It was a surprise, but it was no party.
In the best-kept secret of the playoffs, the Carolina Hurricanes sprung Erik Cole on the Edmonton Oilers last night, hoping the unexpected return of their injured winger would be all the inspiration they needed to win Game 6. It wasn't.
Cole, who's been out since March 4 with a broken neck and was supposed to be gone for the rest of the playoffs, didn't provide much of a spark at all in the 4-0 loss.
"We didn't have it in mind that I was going to be any kind of saviour,'' said Cole, who logged 18:31 of ice time and two of Carolina's 16 shots on goal. "It was more like, if there's an injury and a spot in the lineup, let's see where we're at.''
The 27-year-old, who hadn't played since Pittsburgh's Brooks Orpik shoved him into the boards head first, originally wanted to return for Game 5 of the Conference final. But doctors told him he wasn't ready.
Three weeks later, he's in the lineup. Asked if he's taking a risk by coming back this soon, he said it was no more than the risk he'd be taking if he waited till next season.
"Any more healing that goes on is going to be minimal to where we're at now,'' he said. "The risk is going to be with me for the rest of my life, but I felt strong over the last several weeks on the ice and the coaching staff felt that as long as I felt I could get it done and we talked it over with all the doctors, that we could do this.''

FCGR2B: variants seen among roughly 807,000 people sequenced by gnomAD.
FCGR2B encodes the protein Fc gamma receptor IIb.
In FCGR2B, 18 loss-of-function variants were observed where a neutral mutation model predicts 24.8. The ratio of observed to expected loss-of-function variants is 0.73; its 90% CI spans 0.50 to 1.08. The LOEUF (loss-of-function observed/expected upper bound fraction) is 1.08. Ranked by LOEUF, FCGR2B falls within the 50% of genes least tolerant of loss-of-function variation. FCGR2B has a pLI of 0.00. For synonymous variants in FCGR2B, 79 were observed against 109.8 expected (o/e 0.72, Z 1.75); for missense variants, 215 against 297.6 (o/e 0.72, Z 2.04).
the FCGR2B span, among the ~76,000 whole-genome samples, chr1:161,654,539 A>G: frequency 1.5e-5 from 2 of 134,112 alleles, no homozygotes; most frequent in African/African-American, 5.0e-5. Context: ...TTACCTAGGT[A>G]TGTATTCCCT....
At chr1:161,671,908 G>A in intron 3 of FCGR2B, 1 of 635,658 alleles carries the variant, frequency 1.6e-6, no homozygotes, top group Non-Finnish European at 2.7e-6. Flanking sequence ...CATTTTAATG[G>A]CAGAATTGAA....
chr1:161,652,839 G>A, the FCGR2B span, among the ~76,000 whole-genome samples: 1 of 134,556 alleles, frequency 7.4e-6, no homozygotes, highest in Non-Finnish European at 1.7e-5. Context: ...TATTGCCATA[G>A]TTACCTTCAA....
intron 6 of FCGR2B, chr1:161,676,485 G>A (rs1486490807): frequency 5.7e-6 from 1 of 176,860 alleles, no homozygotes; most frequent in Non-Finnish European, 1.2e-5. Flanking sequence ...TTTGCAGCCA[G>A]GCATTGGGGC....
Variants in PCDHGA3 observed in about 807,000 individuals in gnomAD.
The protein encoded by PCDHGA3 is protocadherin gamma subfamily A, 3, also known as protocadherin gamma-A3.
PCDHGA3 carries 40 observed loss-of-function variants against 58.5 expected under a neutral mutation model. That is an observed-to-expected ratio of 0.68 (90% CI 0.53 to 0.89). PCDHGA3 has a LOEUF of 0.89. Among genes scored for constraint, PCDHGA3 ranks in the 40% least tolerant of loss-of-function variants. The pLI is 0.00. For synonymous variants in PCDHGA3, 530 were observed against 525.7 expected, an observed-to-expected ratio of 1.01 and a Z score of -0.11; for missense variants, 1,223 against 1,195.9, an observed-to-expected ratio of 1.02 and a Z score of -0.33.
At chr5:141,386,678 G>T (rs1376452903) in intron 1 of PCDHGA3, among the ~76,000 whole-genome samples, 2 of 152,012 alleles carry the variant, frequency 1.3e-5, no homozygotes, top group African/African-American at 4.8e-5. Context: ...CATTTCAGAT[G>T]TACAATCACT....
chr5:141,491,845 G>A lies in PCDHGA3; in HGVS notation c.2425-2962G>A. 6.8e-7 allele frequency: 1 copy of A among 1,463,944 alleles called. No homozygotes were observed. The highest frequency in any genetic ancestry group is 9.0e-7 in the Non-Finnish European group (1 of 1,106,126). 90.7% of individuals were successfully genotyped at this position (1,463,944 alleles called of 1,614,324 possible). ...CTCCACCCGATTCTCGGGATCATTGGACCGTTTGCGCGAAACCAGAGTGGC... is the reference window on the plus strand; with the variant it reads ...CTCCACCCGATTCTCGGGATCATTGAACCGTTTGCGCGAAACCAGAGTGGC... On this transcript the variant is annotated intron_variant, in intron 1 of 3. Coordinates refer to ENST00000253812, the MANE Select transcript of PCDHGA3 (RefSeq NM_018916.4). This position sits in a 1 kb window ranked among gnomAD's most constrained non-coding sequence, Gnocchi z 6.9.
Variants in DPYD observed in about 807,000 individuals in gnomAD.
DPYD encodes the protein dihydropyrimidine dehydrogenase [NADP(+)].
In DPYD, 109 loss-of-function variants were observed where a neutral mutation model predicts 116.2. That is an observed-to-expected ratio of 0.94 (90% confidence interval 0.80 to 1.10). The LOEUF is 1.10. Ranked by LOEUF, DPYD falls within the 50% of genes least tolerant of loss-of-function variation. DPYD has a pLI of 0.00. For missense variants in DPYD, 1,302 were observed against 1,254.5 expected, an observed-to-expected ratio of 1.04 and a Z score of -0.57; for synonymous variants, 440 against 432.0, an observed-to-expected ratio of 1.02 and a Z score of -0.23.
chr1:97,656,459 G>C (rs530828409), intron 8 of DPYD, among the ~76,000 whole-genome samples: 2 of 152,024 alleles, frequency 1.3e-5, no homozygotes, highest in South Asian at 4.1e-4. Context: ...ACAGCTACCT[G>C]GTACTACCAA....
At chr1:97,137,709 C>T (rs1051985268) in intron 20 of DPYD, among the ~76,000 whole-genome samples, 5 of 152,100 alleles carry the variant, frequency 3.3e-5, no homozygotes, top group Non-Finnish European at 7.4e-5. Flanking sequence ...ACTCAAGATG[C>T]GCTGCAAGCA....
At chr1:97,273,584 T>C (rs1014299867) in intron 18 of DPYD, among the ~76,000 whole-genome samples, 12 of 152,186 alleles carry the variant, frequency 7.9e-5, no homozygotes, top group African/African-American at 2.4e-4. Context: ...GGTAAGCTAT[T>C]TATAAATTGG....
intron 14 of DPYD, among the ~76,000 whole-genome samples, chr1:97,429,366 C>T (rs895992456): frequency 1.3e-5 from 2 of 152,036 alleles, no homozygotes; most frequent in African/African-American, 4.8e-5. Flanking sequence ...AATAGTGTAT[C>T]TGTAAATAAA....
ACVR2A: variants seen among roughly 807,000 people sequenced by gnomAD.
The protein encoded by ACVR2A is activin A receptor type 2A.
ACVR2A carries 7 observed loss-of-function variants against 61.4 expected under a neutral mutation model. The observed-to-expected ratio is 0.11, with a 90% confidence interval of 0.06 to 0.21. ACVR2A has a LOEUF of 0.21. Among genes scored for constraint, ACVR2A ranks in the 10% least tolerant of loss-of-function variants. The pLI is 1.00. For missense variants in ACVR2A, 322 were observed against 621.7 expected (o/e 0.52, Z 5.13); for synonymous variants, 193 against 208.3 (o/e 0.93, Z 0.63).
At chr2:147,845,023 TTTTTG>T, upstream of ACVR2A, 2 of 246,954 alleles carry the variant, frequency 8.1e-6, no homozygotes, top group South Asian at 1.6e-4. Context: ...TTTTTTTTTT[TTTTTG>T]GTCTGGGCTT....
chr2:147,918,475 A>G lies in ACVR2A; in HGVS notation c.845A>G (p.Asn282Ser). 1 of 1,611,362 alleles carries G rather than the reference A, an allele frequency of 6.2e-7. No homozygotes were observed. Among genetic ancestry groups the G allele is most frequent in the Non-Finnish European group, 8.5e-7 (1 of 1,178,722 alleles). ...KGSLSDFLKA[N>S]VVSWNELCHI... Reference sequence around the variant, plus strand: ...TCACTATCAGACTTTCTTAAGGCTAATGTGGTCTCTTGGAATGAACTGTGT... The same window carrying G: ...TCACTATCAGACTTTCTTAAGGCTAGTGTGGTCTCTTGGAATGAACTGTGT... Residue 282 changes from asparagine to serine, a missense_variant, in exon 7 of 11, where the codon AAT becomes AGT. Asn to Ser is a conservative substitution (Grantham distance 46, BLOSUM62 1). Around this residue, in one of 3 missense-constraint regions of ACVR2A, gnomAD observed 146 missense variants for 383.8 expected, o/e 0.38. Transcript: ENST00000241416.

There was a rumour earlier in the series that Cole was angling towards a return against Edmonton, but head coach Peter Laviolette vehemently denied it. When Doug Weight went down with the shoulder injury, however, it set the wheels in motion.
Before anyone could even entertain the thought, Cole needed a CT scan to determine if the neck was sufficiently healed - but this being Canada, there was no chance to get one on short notice. So he ended up flying to Denver.
"I was taken care of very well there,'' he said, adding a face-to-face meeting with his regular doctor - who was flown in to Edmonton for a breakfast meeting yesterday - provided the final green light.
"After lunch it was still in my court. Even after warm-ups, it was whether or not I felt comfortable and I felt well enough to go out and try to contribute.''
He took a big hit from Ethan Moreau early in the first period and got right back up, and sparked a few offensive chances in the debut.
"It was my first game in three and a half months,'' he said. "But I thought I handled it pretty well for Game 6 of the Stanley Cup finals.''